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Piracy Website Blocks by UK ISPs Trigger 20 Percent Fall in P2P Traffic

Monday, Mar 24th, 2014 (8:09 am) - Score 1,748
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The annual Digital Music Report 2014 from the International Federation of the Phonographic Industry has claimed that the website blocking measures implemented by ISPs have become a “widely-accepted and effective way of curbing piracy online“, especially in Europe and the UK where BitTorrent (P2P) file sharing traffic is said to have fallen.

According to the IFPI’s report (download here), European countries where blocking orders are in place saw BitTorrent use decline by 11%, while European countries without such orders saw BitTorrent use increase by 15%. In particular Italy and the UK, where the “highest number of illegal services” are said to have been blocked, experienced a decline of 13% and 20% respectively. The IFPI now wants to see the measures expanded.

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Digital Music Report 2014 (Extract)

The industry believes that website blocking is an effective tool to help tackle digital piracy and should be available in more countries worldwide. It also needs to be extended to cover mobile networks.”

As usual there are a few caveats to this. Firstly, the figures are based on information collected between January 2012 – July 2013 by comScore/Nielsen and at that time The Pirate Bay (TPB) and Newzbin were two of the only websites to be the subject of a court ordered block via the largest broadband ISPs (note: Newzbin was a Usenet Index and not BitTorrent based).

The report also fails to clarify exactly how the figures were arrived at or what was actually being measured (views or traffic etc.) and appears to conflict with some other feedback during this same period. For example, one big UK ISP noted how data volumes had dipped 11% immediately after the TPB ban before returning “pretty much back to where they were before” as people soon found ways to circumvent related measures (here). Clearly some fresh independent research would help.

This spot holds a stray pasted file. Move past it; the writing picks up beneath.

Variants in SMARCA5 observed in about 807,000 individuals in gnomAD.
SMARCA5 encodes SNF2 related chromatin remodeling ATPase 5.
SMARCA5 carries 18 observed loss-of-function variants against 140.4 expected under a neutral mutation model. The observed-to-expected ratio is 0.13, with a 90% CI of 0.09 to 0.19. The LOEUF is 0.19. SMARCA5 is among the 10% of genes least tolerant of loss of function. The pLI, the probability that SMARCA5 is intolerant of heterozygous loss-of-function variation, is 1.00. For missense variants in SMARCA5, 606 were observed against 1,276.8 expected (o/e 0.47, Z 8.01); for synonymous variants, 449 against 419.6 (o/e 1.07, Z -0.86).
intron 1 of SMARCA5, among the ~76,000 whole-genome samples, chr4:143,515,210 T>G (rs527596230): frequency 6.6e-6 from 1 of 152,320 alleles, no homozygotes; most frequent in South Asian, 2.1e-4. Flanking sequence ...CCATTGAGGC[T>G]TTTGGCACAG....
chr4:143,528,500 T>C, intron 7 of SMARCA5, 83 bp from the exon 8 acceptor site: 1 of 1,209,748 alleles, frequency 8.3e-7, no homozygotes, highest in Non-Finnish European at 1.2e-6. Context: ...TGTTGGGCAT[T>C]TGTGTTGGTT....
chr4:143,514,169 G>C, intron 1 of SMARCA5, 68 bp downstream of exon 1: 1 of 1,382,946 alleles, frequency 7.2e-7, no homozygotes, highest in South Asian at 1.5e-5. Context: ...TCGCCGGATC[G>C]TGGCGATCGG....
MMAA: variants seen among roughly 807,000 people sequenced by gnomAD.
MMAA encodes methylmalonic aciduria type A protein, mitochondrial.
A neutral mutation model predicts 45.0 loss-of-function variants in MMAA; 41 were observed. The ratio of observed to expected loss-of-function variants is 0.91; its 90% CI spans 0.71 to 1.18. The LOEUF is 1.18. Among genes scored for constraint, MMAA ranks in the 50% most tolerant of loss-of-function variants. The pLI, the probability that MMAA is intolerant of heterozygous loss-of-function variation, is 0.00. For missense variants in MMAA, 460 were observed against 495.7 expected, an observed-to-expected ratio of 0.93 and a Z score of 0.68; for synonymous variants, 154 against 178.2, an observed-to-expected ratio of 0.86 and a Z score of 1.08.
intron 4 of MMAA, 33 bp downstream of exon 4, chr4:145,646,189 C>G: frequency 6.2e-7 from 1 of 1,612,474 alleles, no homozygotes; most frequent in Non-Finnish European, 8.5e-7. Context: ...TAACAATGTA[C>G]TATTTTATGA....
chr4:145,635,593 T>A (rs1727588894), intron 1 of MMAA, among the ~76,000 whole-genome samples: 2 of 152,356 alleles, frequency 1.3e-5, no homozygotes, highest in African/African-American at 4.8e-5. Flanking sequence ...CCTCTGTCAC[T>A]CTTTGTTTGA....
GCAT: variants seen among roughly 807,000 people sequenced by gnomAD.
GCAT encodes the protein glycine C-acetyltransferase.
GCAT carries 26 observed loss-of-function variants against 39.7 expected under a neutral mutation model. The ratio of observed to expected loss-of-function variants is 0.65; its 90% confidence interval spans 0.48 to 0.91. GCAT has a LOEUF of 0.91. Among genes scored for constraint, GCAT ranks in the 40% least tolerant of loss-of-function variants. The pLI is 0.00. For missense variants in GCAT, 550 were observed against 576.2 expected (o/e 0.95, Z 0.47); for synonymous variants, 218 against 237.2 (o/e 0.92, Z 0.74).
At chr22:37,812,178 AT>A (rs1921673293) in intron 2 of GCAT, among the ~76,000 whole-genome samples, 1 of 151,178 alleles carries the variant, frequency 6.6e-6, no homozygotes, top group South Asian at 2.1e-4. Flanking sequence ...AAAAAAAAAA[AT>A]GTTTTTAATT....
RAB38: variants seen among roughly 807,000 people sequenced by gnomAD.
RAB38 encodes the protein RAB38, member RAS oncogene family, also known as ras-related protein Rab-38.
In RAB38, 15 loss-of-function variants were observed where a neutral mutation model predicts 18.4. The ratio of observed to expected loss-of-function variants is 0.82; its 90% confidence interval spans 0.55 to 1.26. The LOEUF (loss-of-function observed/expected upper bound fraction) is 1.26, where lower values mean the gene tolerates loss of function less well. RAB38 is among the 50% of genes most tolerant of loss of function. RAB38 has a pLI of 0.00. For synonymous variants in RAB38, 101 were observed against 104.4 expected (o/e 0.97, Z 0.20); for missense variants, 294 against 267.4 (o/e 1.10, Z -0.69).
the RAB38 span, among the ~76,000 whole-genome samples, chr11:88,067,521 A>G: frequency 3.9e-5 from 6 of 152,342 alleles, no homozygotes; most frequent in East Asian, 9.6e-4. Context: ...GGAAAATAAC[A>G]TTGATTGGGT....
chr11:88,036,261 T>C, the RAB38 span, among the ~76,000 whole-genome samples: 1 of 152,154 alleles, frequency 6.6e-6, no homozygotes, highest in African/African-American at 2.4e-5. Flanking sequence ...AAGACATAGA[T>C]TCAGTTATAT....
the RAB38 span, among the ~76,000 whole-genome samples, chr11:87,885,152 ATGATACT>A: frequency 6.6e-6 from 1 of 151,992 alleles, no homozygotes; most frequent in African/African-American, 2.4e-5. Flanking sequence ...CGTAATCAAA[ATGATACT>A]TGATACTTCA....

The IFPI’s report also praises the increasingly common “three-strikes” system of Warning Letters, which are typically sent by broadband ISPs to customers suspected of involvement with the unlawful sharing of copyright content (music, movies, TV shows etc.).

Digital Music Report 2014 (Extract)

Additionally, rights holders work with ISPs on notification programmes aimed at educating users about the value of copyright. Such schemes exist in Chile, France, Ireland, New Zealand, South Korea and the US. Account holders are notified that their account is being used unlawfully, with the possibility of deterrent consequences such as fines if warnings are repeatedly ignored.

These programmes have proven effective where implemented, with use of unlicensed P2P networks declining by 27 per cent since September 2010 in France (Nielsen) and by 19 per cent since August 2011 in New Zealand (comScore).”

However France has since replaced its expensive and highly controversial anti-piracy Hadopi law, which threatened to disconnect internet users that continued to infringe copyright after warnings, with a series of automatic fines. Similarly a recent research paper written by Dr Rebecca Giblin found that the “three-strikes” schemes would not succeed in reducing copyright infringement (here).

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Meanwhile the United Kingdom’s Digital Economy Act (DEAct) has faced several years of delay and as a result Rights Holders and the Government are now hoping to encourage the adoption of a Voluntary Copyright Alert Programme (VCAP) for Internet piracy warning letters (here), which faces quite a few hurdles of its own.

At the end of the day it’s also very difficult to know how much impact any of this is actually having upon music revenues, which have over the same period been impacted by the move from physical to digital media formats and the related introduction of unlimited music streaming services (e.g. Spotify). The BPI’s latest report for the UK provides a useful reflection of the current market (here).

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Mark-Jackson
By Mark Jackson
Mark is a professional technology writer, IT consultant and computer engineer from Dorset (England), he also founded ISPreview in 1999 and enjoys analysing the latest telecoms and broadband developments. Find me on X (Twitter), Mastodon, Facebook and .
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